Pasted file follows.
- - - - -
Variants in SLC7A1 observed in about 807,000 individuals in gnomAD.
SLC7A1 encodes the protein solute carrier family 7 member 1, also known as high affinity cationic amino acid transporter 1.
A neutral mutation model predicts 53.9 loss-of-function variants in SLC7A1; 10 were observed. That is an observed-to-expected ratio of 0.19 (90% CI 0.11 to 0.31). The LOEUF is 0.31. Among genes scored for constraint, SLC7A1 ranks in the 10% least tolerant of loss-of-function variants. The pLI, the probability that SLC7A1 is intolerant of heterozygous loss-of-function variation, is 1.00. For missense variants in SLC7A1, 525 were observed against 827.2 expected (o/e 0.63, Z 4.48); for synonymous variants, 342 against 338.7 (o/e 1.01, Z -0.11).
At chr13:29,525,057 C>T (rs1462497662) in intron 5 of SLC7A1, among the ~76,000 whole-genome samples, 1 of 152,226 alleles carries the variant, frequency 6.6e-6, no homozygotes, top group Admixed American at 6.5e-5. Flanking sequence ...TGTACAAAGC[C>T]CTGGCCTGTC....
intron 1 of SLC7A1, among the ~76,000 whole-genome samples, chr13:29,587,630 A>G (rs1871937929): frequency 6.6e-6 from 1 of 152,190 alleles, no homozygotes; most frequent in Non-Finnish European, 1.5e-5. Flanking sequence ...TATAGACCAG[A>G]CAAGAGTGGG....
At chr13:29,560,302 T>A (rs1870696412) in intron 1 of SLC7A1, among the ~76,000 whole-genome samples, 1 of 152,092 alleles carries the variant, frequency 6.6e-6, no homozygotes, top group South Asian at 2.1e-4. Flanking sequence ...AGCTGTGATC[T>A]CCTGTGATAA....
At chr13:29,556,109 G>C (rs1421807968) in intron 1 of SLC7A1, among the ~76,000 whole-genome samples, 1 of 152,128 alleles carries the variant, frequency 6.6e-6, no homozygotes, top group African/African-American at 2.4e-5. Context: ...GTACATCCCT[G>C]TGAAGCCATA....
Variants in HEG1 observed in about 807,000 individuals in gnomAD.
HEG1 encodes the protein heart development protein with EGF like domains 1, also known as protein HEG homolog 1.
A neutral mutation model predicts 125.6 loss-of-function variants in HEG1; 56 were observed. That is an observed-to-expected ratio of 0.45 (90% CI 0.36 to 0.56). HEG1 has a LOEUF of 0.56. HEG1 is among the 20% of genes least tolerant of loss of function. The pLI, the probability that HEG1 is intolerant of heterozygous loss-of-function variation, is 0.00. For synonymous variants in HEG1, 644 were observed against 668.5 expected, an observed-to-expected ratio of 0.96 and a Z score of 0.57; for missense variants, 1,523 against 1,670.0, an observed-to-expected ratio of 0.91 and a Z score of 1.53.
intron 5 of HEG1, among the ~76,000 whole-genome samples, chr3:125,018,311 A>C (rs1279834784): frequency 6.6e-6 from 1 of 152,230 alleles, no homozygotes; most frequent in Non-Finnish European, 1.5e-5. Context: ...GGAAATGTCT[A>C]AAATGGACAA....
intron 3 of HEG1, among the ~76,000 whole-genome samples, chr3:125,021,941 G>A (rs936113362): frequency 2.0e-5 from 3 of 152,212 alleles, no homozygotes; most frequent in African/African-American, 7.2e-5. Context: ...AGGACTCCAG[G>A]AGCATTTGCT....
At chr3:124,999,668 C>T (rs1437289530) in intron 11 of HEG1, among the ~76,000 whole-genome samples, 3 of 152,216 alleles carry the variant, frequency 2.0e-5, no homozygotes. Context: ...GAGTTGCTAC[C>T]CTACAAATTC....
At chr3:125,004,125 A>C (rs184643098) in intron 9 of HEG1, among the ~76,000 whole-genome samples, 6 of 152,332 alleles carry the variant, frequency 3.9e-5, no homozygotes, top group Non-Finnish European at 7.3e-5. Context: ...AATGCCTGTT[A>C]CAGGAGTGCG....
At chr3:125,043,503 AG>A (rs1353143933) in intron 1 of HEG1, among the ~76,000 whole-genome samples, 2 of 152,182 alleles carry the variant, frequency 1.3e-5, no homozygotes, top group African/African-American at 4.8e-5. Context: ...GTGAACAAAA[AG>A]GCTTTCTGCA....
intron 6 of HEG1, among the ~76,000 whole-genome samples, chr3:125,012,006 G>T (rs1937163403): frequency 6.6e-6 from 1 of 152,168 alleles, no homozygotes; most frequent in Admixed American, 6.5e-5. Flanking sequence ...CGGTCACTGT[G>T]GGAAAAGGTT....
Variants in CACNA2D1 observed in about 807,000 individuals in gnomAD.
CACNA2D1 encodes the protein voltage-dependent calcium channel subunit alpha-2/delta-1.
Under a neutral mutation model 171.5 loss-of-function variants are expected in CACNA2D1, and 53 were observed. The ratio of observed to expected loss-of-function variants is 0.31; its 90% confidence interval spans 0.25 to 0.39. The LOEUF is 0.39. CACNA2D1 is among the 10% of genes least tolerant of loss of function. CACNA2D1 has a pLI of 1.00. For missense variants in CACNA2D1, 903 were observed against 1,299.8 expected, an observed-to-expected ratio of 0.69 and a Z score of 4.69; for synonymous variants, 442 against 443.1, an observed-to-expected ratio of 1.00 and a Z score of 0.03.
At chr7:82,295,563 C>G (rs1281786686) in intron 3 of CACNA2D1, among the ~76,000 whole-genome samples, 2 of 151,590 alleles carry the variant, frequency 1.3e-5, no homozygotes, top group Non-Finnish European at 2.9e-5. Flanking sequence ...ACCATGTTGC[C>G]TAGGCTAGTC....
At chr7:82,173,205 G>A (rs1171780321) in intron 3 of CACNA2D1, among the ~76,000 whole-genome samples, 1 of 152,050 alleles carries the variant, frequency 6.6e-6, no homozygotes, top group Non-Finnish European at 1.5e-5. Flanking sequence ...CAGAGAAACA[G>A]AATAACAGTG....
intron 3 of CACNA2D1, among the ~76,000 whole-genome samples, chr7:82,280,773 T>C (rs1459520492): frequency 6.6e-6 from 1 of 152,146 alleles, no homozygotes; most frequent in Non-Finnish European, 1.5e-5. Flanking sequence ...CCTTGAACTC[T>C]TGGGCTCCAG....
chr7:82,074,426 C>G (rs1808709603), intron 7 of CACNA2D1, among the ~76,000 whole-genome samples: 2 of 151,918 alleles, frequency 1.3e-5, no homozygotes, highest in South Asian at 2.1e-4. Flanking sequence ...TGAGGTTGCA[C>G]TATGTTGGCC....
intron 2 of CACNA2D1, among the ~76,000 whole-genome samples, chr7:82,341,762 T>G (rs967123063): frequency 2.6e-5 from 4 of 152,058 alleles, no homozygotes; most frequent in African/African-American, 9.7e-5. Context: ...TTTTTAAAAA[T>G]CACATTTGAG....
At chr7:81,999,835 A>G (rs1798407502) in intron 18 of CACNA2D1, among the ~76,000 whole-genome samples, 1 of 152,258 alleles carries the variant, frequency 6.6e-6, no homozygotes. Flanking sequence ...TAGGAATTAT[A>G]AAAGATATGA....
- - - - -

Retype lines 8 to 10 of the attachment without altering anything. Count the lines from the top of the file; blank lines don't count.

Variants in HEG1 observed in about 807,000 individuals in gnomAD.
HEG1 encodes the protein heart development protein with EGF like domains 1, also known as protein HEG homolog 1.
A neutral mutation model predicts 125.6 loss-of-function variants in HEG1; 56 were observed. That is an observed-to-expected ratio of 0.45 (90% CI 0.36 to 0.56). HEG1 has a LOEUF of 0.56. HEG1 is among the 20% of genes least tolerant of loss of function. The pLI, the probability that HEG1 is intolerant of heterozygous loss-of-function variation, is 0.00. For synonymous variants in HEG1, 644 were observed against 668.5 expected, an observed-to-expected ratio of 0.96 and a Z score of 0.57; for missense variants, 1,523 against 1,670.0, an observed-to-expected ratio of 0.91 and a Z score of 1.53.